Dirge for a beloved DJ, Daniel Osterhoff

By Nick Miller

Pioneering local deejay, artist and music-scene ambassador Daniel Osterhoff passed away unexpectedly this past weekend, and the Sacramento music scene is devastated.

“I look at Sacramento and I see a loss whose magnitude cannot even be possibly calculated,” wrote Terra Lopez of Rituals of Mine. “The streets are filled with his energy, with his art and with his love for the culture here. He is undeniably one of the reasons I ever felt confident enough to start creating electronic music, and I know I’m just one of the many who feel this way.”

Osterhoff performed under the moniker DJ Whores, which he adopted as a dig at groupies who jock club deejays. In 2010, he founded Grimey, a bass-music series on Tuesdays at Townhouse in Midtown, which exploded as the city’s most popular dance night. Grimey captured the spirit of Bay Area warehouse parties, and it became a haven and safe space for Sacramento’s underground and LGBTQ-plus communities.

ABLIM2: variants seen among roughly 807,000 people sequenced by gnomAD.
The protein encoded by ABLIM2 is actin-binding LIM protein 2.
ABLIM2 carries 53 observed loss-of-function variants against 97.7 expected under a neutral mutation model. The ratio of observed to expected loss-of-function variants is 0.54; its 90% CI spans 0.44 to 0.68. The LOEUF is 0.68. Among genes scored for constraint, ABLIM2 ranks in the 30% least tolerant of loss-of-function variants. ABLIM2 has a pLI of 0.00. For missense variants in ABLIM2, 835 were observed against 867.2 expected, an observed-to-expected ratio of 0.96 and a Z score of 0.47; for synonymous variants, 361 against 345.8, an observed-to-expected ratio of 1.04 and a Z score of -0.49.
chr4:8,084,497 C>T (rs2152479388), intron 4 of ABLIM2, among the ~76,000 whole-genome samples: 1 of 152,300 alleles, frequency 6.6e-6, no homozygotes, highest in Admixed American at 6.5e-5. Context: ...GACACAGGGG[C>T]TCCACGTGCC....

But Osterhoff was about more than just electronic beats; he was versatile, a deejay also at home mixing funk, soul, hip-hop, ‘80s pop and R&B, thanks to his mom’s influence.

He inspired and charmed his peers with his irrepressible passion for music and his drive to make Sacramento a thrilling live-music town. “I owe a lot of what I am as a deejay to Dan, for making me work harder and stretch further,” wrote DJ Shaun Slaughter, a longstanding contemporary, friend and collaborator. “Any DJ who’s been in town long enough will tell you the same.”

Osterhoff, 37, was also a prominent sign artist, a craft he learned from his father. He is responsible for numerous murals and business signs in the city, including Anthony’s Barbershop and B-Side.

“He’s done so much to push our music community forward and that effort, and its impact, often goes unnoticed,” wrote Clay Nutting, local music promoter and restaurateur. “As a person, he was such a solid dude, loved his daughter so much. He was a treasure.”

Our content is free, but not free to produce

If you value our local news, arts and entertainment coverage, become an SN&R supporter with a one-time or recurring donation. Help us keep our reporters at work, bringing you the stories that need to be told.


Stay Updated

For the latest local news, arts and entertainment, sign up for our newsletter.
We'll tell you the story behind the story.